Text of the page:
Thats enough introduction - on with the plants!
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... out in the garden.
17th November 2013
Elaeagnus x ebbingii 'Limelight'
I feel as though I have hardly spent any time in the garden this week. The evenings have drawn in and I have been forced to abandon my usual habit of pottering around out there
for an hour at the end of the day. In the summer it is delightful to walk around the garden after dark but now it is just miserable, full of cold, wet shrubs to walk into
and slippery paths to tumble on. I was out there at three-o-clock yesterday afternoon, but I was really thinking about sitting in front of the fire with a cup of tea.
I was walking through the garden grumbling about the badgers. They are tearing great channels through the grass, and have now started digging in tubs to get the worms.
I was pulled up by a sudden waft of sweetness, the appealing side of Elaeagnus x ebbingii 'Limelight'. It is a large and needlessly vigorous shrub that
produces long arching stems that hook themselves through trees in a tiresome way. The yellow variegation has the sort of cheer that might be offered by a garrulous aunt
to a teenager who has just failed a driving test. It means well, but you wish it wouldn't.
If I had managed to find a good reason, this one would have been removed on several occasions in the last decade but it has never really been in the way. My reward is a faint
waft of sweetness when I was stomping about. I would have liked to inhale a good lungful but it isn't that generous. I was left with just a suggestion of vanilla cheesecake.
A cup of tea, a warm fire and a jolly good suggestion.
17th November 2013
My house is built on a level platform that has been cut into the side of the hill. It was done a century ago by a man with a spade and I can empathise with him. I dug a similar
platform for my first greenhouse and it took months. As a consequence I have a towering slope outside my back door that keeps the sun from the west of the house. It is dank and sheltered
and much loved by Impatiens cymbifera. It would cheerfully clothe the entire space with its shiny green leaves and deny me access. The flowers are a wonderful reward, but they
don't appear until November and by that time I have hacked it back ruthlessly. I suspect that it would invade vigously if I allowed it to escape. In the last three
years Impatiens glandulosa has arrived on the main road and is spreading with enthusiasm. I don't want to be responsible for giving it a little friend to play with.
It was introduced by Chris Chadwell from Rohwaling in Nepal under the number CC4980. It looks wonderful illuminated by the low autumn sunlight but there hasn't been any of that this week.
I have had to dodge the showers and find ways of convincing an obstinate camera that there really is enough light to take a picture.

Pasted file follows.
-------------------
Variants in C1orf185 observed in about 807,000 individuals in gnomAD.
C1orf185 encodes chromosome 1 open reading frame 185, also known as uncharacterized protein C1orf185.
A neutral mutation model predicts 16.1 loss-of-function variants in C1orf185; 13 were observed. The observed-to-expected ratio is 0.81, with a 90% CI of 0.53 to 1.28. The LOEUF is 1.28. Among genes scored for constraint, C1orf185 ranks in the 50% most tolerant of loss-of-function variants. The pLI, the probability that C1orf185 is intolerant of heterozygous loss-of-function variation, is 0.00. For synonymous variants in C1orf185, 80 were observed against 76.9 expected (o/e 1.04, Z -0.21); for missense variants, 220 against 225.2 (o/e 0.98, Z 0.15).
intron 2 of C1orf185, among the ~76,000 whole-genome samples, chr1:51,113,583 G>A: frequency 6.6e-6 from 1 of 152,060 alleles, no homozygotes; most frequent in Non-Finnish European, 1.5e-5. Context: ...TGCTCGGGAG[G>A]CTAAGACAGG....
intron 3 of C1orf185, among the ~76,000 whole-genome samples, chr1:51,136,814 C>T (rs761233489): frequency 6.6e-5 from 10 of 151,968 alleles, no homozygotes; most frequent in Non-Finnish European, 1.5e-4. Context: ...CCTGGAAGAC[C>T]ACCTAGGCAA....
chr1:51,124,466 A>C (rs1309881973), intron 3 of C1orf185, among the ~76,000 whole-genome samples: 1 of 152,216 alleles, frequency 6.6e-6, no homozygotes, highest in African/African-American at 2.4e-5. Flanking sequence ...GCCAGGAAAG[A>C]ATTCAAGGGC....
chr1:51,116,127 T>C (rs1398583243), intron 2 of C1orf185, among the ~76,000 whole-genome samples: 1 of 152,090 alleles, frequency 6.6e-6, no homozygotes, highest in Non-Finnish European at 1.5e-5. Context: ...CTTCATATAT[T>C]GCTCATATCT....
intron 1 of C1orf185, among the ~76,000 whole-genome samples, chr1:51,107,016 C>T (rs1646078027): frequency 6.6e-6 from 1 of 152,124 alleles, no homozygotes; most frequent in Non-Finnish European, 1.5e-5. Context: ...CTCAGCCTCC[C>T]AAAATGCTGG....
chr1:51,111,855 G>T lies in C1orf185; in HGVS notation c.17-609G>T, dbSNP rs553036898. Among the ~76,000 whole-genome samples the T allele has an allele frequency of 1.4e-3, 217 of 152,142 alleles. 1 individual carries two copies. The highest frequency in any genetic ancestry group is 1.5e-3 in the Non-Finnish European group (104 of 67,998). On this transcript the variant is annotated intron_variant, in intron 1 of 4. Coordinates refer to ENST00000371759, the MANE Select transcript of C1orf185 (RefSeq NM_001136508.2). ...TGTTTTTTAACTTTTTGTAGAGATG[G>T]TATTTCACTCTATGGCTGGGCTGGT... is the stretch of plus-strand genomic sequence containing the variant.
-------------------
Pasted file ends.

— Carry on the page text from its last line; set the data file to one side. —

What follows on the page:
17th November 2013
Galanthus reginae-olgae ssp. reginae-olgae
In weeks like this the greenhouse is like a tropical paradise. A magical island of summer surrounded by plastic. It is still warm down there. I have been repotting bulbs
and wondering why I have no stamina, start to sweat and feel feeble. It takes a while to realise that I am dressed for blizzard conditions when I really only need a t-shirt
(and some lower garments of course, this isn't Guildford).
The autumn snowdrops are putting on a good show this year. G. reginae-olgae is significant for the autumn flowering habit. There is a spring flowering form,
G. reginae-olgae ssp. vernalis which looks just like G.nivalis in February and is therefore not significant, at least in garden terms.
I have only really succeeded with it under cover. I have seen it in other gardens outside, but I think it needs a warmer summer than I get if it is to prosper.
To be honest, I would rather enjoy it wearing a t-shirt in my plastic paradise that kneeling in the sludge and wishing it was dry enough to light the bonfire.
17th November 2013
Mahonia x media 'Buckland'
One of the tasks of the week has been the fond farewell. I have spent the year planting things in the greenhouse where there is finally enough space for them to prosper.
Many of the things I have planted are borderline hardy at best but I have arrived at the point where I am not prepared to struggle to overwinter things indoors.
They don't like it, I don't like it.
The consequence is that a lot of things have grown magnificently and won't be there in the spring. I have been wandering around making my peace with the doomed.
The process was triggered by Mahonia x media 'Arthur Menzies' which is perfectly hardy but needed to be planted. Out came the dead stump of M.pallida,
which I have been nurturing for two years now in the hope of a miraculous recovery, and in it went. I was sent scurrying to the greenhouse to check the M.pallida
under cover (belt and braces) and to look over the promise of seasonal carnage that will probably coincide with Christmas.
It has taken me years to distinguish between 'Charity', 'Lionel Fortescue' and 'Buckland' and I have planted 'Arthur Menzies' to keep from feeling too secure. 'Winter Sun' is still identified
by reading the label.
'Buckland' has broad spreading heads of flowers, the individual racemes lie almost flat and then curl up at the tips. The whole head has a broad and expansive look. Like
Sleeping Beauty, it is surrounded by a sea of brambles that keep me from getting close enough to check the label, but I am confident.
To find particular groups of plants I grow, click on the genus name in the table above. Click on the "Index" box at the top of the page for the full list.
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about what is going on, if you are interested.
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